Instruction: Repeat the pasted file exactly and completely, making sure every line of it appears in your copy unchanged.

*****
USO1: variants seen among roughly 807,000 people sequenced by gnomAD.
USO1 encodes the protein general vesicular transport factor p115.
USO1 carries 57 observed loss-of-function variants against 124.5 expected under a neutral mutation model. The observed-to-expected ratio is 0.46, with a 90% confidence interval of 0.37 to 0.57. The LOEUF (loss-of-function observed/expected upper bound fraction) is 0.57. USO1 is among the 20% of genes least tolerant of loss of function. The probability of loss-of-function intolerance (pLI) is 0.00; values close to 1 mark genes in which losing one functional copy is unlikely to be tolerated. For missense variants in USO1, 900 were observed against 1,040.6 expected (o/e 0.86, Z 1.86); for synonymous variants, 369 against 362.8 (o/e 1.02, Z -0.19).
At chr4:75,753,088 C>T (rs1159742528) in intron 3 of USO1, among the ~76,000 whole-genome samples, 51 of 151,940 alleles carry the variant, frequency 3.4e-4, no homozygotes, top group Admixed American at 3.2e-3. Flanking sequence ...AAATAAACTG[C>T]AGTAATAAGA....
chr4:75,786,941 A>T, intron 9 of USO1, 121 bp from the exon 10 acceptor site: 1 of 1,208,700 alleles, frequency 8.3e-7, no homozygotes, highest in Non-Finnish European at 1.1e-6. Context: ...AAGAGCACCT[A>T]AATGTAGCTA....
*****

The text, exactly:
USO1: variants seen among roughly 807,000 people sequenced by gnomAD.
USO1 encodes the protein general vesicular transport factor p115.
USO1 carries 57 observed loss-of-function variants against 124.5 expected under a neutral mutation model. The observed-to-expected ratio is 0.46, with a 90% confidence interval of 0.37 to 0.57. The LOEUF (loss-of-function observed/expected upper bound fraction) is 0.57. USO1 is among the 20% of genes least tolerant of loss of function. The probability of loss-of-function intolerance (pLI) is 0.00; values close to 1 mark genes in which losing one functional copy is unlikely to be tolerated. For missense variants in USO1, 900 were observed against 1,040.6 expected (o/e 0.86, Z 1.86); for synonymous variants, 369 against 362.8 (o/e 1.02, Z -0.19).
At chr4:75,753,088 C>T (rs1159742528) in intron 3 of USO1, among the ~76,000 whole-genome samples, 51 of 151,940 alleles carry the variant, frequency 3.4e-4, no homozygotes, top group Admixed American at 3.2e-3. Flanking sequence ...AAATAAACTG[C>T]AGTAATAAGA....
chr4:75,786,941 A>T, intron 9 of USO1, 121 bp from the exon 10 acceptor site: 1 of 1,208,700 alleles, frequency 8.3e-7, no homozygotes, highest in Non-Finnish European at 1.1e-6. Context: ...AAGAGCACCT[A>T]AATGTAGCTA....